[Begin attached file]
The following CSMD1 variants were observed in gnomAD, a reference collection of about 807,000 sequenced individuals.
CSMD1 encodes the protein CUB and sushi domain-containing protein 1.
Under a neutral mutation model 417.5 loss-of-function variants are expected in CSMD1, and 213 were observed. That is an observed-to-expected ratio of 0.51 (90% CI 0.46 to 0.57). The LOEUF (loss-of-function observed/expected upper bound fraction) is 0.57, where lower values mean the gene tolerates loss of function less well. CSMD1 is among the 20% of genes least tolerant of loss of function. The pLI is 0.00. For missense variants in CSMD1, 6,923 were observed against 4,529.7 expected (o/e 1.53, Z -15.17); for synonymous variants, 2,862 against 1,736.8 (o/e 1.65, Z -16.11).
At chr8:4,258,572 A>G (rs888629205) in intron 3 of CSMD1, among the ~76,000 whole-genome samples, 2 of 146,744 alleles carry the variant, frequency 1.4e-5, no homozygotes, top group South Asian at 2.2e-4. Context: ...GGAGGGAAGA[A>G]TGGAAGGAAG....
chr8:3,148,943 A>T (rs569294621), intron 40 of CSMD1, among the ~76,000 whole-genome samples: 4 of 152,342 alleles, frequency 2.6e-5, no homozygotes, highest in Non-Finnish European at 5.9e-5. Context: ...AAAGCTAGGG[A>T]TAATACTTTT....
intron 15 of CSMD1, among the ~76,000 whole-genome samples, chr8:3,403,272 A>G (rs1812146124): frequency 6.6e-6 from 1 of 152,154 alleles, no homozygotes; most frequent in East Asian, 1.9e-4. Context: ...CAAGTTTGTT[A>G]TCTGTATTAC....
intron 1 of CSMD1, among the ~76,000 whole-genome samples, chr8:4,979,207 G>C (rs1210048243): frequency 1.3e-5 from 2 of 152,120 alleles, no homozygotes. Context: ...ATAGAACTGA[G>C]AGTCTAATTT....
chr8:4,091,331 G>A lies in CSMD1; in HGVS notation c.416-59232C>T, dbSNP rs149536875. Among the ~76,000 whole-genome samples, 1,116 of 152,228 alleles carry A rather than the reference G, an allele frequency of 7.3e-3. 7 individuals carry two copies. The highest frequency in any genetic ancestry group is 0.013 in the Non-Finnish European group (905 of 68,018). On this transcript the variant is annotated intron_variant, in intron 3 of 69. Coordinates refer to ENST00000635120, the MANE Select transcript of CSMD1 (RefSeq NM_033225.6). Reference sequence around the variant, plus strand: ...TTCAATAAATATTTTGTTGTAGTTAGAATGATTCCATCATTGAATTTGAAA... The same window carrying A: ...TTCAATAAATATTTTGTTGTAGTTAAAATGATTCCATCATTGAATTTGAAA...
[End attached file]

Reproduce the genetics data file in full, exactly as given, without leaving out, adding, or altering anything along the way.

The following CSMD1 variants were observed in gnomAD, a reference collection of about 807,000 sequenced individuals.
CSMD1 encodes the protein CUB and sushi domain-containing protein 1.
Under a neutral mutation model 417.5 loss-of-function variants are expected in CSMD1, and 213 were observed. That is an observed-to-expected ratio of 0.51 (90% CI 0.46 to 0.57). The LOEUF (loss-of-function observed/expected upper bound fraction) is 0.57, where lower values mean the gene tolerates loss of function less well. CSMD1 is among the 20% of genes least tolerant of loss of function. The pLI is 0.00. For missense variants in CSMD1, 6,923 were observed against 4,529.7 expected (o/e 1.53, Z -15.17); for synonymous variants, 2,862 against 1,736.8 (o/e 1.65, Z -16.11).
At chr8:4,258,572 A>G (rs888629205) in intron 3 of CSMD1, among the ~76,000 whole-genome samples, 2 of 146,744 alleles carry the variant, frequency 1.4e-5, no homozygotes, top group South Asian at 2.2e-4. Context: ...GGAGGGAAGA[A>G]TGGAAGGAAG....
chr8:3,148,943 A>T (rs569294621), intron 40 of CSMD1, among the ~76,000 whole-genome samples: 4 of 152,342 alleles, frequency 2.6e-5, no homozygotes, highest in Non-Finnish European at 5.9e-5. Context: ...AAAGCTAGGG[A>T]TAATACTTTT....
intron 15 of CSMD1, among the ~76,000 whole-genome samples, chr8:3,403,272 A>G (rs1812146124): frequency 6.6e-6 from 1 of 152,154 alleles, no homozygotes; most frequent in East Asian, 1.9e-4. Context: ...CAAGTTTGTT[A>G]TCTGTATTAC....
intron 1 of CSMD1, among the ~76,000 whole-genome samples, chr8:4,979,207 G>C (rs1210048243): frequency 1.3e-5 from 2 of 152,120 alleles, no homozygotes. Context: ...ATAGAACTGA[G>C]AGTCTAATTT....
chr8:4,091,331 G>A lies in CSMD1; in HGVS notation c.416-59232C>T, dbSNP rs149536875. Among the ~76,000 whole-genome samples, 1,116 of 152,228 alleles carry A rather than the reference G, an allele frequency of 7.3e-3. 7 individuals carry two copies. The highest frequency in any genetic ancestry group is 0.013 in the Non-Finnish European group (905 of 68,018). On this transcript the variant is annotated intron_variant, in intron 3 of 69. Coordinates refer to ENST00000635120, the MANE Select transcript of CSMD1 (RefSeq NM_033225.6). Reference sequence around the variant, plus strand: ...TTCAATAAATATTTTGTTGTAGTTAGAATGATTCCATCATTGAATTTGAAA... The same window carrying A: ...TTCAATAAATATTTTGTTGTAGTTAAAATGATTCCATCATTGAATTTGAAA...